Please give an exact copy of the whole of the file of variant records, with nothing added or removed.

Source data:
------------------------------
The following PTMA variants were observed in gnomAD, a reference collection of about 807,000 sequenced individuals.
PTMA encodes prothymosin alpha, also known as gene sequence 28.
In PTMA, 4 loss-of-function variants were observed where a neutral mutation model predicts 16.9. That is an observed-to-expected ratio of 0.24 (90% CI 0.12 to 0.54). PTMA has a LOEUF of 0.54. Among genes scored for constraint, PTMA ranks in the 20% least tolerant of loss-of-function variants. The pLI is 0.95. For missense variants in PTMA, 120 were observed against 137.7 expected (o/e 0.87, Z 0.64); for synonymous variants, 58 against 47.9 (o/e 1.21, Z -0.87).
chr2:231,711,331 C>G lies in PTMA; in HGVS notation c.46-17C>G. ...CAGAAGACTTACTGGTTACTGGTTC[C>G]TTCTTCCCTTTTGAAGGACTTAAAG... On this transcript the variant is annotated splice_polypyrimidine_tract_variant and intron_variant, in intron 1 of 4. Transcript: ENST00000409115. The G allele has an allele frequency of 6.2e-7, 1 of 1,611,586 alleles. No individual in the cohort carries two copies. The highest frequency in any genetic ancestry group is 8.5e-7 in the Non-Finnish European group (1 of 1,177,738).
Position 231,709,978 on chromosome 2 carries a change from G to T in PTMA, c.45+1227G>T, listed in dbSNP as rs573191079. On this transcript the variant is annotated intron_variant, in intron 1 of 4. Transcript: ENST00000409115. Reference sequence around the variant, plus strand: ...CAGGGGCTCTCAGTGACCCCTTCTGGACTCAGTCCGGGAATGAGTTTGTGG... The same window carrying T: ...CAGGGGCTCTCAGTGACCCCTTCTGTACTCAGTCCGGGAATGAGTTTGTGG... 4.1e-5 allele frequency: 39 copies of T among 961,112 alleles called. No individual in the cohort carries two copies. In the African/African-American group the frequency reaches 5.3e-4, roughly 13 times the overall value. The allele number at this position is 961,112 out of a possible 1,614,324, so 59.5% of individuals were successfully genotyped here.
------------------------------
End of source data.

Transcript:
The following PTMA variants were observed in gnomAD, a reference collection of about 807,000 sequenced individuals.
PTMA encodes prothymosin alpha, also known as gene sequence 28.
In PTMA, 4 loss-of-function variants were observed where a neutral mutation model predicts 16.9. That is an observed-to-expected ratio of 0.24 (90% CI 0.12 to 0.54). PTMA has a LOEUF of 0.54. Among genes scored for constraint, PTMA ranks in the 20% least tolerant of loss-of-function variants. The pLI is 0.95. For missense variants in PTMA, 120 were observed against 137.7 expected (o/e 0.87, Z 0.64); for synonymous variants, 58 against 47.9 (o/e 1.21, Z -0.87).
chr2:231,711,331 C>G lies in PTMA; in HGVS notation c.46-17C>G. ...CAGAAGACTTACTGGTTACTGGTTC[C>G]TTCTTCCCTTTTGAAGGACTTAAAG... On this transcript the variant is annotated splice_polypyrimidine_tract_variant and intron_variant, in intron 1 of 4. Transcript: ENST00000409115. The G allele has an allele frequency of 6.2e-7, 1 of 1,611,586 alleles. No individual in the cohort carries two copies. The highest frequency in any genetic ancestry group is 8.5e-7 in the Non-Finnish European group (1 of 1,177,738).
Position 231,709,978 on chromosome 2 carries a change from G to T in PTMA, c.45+1227G>T, listed in dbSNP as rs573191079. On this transcript the variant is annotated intron_variant, in intron 1 of 4. Transcript: ENST00000409115. Reference sequence around the variant, plus strand: ...CAGGGGCTCTCAGTGACCCCTTCTGGACTCAGTCCGGGAATGAGTTTGTGG... The same window carrying T: ...CAGGGGCTCTCAGTGACCCCTTCTGTACTCAGTCCGGGAATGAGTTTGTGG... 4.1e-5 allele frequency: 39 copies of T among 961,112 alleles called. No individual in the cohort carries two copies. In the African/African-American group the frequency reaches 5.3e-4, roughly 13 times the overall value. The allele number at this position is 961,112 out of a possible 1,614,324, so 59.5% of individuals were successfully genotyped here.